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Article
Buyer–Supplier Role in Improving Ergonomics in Garment Supplier Factories: Empirical Evidence from the Garment Industry of Bangladesh
Sustainability 2022, 14(1), 492; https://doi.org/10.3390/su14010492 - 03 Jan 2022
Viewed by 526
Abstract
Ergonomics is a key concern of garment suppliers to improve their workers’ well-being and efficiency. However, suppliers’ isolated initiatives are not sufficient to improve ergonomics conditions. Thus, buyers’ cooperation and collaboration with suppliers are necessary to make the ergonomic initiatives successful and sustainable. [...] Read more.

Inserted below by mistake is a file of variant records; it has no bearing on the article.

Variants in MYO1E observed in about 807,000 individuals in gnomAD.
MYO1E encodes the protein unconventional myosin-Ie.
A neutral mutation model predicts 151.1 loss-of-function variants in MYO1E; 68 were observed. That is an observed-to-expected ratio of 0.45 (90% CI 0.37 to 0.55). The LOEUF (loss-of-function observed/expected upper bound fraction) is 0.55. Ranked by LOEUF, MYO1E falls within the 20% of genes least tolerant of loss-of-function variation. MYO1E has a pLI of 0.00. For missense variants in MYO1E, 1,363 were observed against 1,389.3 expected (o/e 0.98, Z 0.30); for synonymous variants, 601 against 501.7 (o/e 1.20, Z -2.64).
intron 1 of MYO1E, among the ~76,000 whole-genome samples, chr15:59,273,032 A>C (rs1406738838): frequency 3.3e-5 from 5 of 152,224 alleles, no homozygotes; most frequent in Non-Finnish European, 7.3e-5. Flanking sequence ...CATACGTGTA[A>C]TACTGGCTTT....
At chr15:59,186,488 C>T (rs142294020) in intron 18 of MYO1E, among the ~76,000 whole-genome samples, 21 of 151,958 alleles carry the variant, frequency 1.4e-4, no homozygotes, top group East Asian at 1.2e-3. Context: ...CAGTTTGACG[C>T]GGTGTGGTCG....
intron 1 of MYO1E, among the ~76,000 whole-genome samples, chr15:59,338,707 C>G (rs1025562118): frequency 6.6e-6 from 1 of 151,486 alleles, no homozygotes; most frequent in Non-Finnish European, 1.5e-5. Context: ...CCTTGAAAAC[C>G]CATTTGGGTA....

Ergonomics is a key concern of garment suppliers to improve their workers’ well-being and efficiency. However, suppliers’ isolated initiatives are not sufficient to improve ergonomics conditions. Thus, buyers’ cooperation and collaboration with suppliers are necessary to make the ergonomic initiatives successful and sustainable. The purpose of this study is to investigate the impact of buyer-assisted ergonomics intervention on suppliers’ performance and the role of buyers’ assistance and suppliers’ initiatives for improving ergonomics conditions in garment supplier factories. Following a qualitative research approach and multiple embedded case study method, this study intervened in supplier factories and collected qualitative and quantitative data from one Danish buyer and their four key suppliers on ergonomics and the role of buyers and suppliers in improving ergonomics conditions. Collected data were analysed by employing both quantitative and qualitative data analysis techniques. This study demonstrates that buyer-assisted ergonomics intervention on the shop floor can improve ergonomics conditions in garment supplier factories. This study also shows that improving ergonomics in supplier factories need joint efforts of buyers and suppliers. The findings of this study will enrich the literature on ergonomics, sustainability, and buyer–supplier relationships by demonstrating how garment suppliers in developing countries can improve ergonomics to meet the expectations of lead buyers and their workers. This is a unique research attempt to understand ergonomics from a buyer–supplier relationship perspective and its impact on the social sustainability of garment suppliers. Full article